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Sturdy Hybrid Funds for Shell-Shocked Investors

If you've been burned by a hefty equity stake, check out these relatively safer havens.

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The free-fall in the equity markets has understandably spooked investors. The S&P 500 Index has lost 41% for the year to date through Nov. 17, 2008, and many stock funds that focus on smaller companies or non-U.S. firms have posted even bigger declines. We think this is a bad time to give up on stocks, which unfortunately is what many investors seem to be doing--mutual fund outflows have soared. For some, however, the bear market may serve as a rude awakening that their asset allocation plan was too aggressive. Those who are more risk-averse or have shorter-term savings goals in mind could be better served by a fund that owns a slug of fixed income in addition to equities. There are a number of fine choices in the moderate-allocation, conservative-allocation, and world-allocation categories that fit the bill. True, these funds have taken hits this year as well, and not just from their equity stakes--most types of bonds have lost money, too. But their shareholders haven't suffered as much damage to their nest eggs--the typical moderate-allocation fund (which holds 50% to 70% in equities) has lost 32%, the typical conservative-allocation fund (20% to 50% in equities) has lost 22%, and the typical world-allocation fund (less than 70% in stocks and at least 40% in foreign stocks and/or bonds) has lost 34%.

In order to narrow down the universe of 500-plus funds across these categories and identify some attractive options, we used Morningstar's  Premium Fund Screener. We searched for funds in the three categories that have managers who have spent at least 10 years at the helm and that have outpaced 75% or more of their category rivals over that span. We also wanted to focus on funds that have navigated the current turbulence relatively well, so we excluded those that didn't land in their category's top quartile for the year to date through Nov. 17, 2008. Of course, we also wanted funds that are within reach of a broad range of investors (minimum purchase of $10,000 or less) and charge lower expense ratios than their typical rivals. Finally, we narrowed the list to funds covered by our analysts, in part because these categories include some oddball funds that require some serious peeking under the hood before purchase. The screener pulled up six funds;  here's the full list.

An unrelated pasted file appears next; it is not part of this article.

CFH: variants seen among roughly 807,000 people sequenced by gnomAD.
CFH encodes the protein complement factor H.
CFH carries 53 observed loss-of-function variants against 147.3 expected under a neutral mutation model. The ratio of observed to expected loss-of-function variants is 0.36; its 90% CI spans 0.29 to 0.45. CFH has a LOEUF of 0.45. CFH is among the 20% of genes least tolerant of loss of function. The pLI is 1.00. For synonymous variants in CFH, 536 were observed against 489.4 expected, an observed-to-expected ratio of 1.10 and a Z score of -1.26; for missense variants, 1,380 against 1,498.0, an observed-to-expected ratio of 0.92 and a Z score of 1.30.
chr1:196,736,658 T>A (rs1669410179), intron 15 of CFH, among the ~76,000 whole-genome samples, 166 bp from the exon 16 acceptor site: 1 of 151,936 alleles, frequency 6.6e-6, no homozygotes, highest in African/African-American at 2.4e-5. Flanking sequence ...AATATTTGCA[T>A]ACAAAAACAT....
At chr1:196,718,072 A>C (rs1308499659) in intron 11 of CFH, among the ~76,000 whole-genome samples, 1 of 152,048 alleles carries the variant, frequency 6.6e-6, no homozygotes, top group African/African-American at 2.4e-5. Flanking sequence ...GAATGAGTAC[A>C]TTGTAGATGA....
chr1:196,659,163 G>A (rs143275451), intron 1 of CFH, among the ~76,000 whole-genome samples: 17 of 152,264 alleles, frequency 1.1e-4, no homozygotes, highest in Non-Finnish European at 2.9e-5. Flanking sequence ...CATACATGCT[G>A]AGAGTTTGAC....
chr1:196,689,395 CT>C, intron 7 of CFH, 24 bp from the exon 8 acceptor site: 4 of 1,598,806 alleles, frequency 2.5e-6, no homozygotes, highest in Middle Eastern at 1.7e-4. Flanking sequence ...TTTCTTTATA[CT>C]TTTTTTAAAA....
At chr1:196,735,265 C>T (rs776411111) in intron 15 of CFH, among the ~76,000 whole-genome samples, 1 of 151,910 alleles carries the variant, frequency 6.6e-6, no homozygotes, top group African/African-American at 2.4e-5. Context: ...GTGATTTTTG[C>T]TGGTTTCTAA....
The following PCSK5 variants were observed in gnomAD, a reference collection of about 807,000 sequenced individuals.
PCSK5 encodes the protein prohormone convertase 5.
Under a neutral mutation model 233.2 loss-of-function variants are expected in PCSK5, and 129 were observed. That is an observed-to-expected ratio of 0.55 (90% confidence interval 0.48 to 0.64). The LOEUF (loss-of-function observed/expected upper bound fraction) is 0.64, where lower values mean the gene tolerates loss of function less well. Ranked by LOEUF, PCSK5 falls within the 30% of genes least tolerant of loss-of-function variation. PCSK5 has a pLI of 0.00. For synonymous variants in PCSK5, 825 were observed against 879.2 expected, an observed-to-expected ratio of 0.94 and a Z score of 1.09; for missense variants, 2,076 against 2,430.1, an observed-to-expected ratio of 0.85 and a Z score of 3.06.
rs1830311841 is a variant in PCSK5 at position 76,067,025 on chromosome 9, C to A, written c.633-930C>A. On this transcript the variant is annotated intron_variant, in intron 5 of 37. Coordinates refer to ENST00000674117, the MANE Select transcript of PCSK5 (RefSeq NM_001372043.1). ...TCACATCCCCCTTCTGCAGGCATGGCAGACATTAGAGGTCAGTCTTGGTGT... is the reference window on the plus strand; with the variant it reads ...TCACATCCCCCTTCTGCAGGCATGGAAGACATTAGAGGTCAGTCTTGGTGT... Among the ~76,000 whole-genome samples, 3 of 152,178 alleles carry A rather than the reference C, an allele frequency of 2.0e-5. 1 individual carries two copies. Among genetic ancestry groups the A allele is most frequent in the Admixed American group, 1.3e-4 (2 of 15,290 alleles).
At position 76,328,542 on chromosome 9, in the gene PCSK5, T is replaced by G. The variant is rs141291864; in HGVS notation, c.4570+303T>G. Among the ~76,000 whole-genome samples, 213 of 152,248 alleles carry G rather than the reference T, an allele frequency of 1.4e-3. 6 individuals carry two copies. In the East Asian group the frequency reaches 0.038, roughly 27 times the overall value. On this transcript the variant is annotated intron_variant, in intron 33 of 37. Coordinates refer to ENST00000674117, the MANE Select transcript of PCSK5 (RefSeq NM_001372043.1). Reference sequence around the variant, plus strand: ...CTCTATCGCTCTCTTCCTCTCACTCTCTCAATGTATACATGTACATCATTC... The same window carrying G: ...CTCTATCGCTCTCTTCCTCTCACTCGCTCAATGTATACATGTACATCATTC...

One of our favorites on this list is moderate-allocation offering  Oakmark Equity & Income  (OAKBX). It has been run since its 1995 inception by Clyde MacGregor (Ed Studzinski joined as comanager in 2000) and boasts a superb long-term record. The fund's bond portfolio is a plain-vanilla collection of Treasury bonds--one reason this fund hasn't become an Analyst Pick in its category is that it isn't supported by a dedicated fixed-income team at the firm. However, a value-oriented stock-picking approach that favors companies with healthy balance sheets has won the day here. We're not the only ones who like MacGregor--he was recently chosen by Litman/Gregory to run slices of  Masters' Select Equity (MSEFX) and  Masters' Select Value (MSVFX).

Greg Carlson does not own (actual or beneficial) shares in any of the securities mentioned above. Find out about Morningstar’s editorial policies.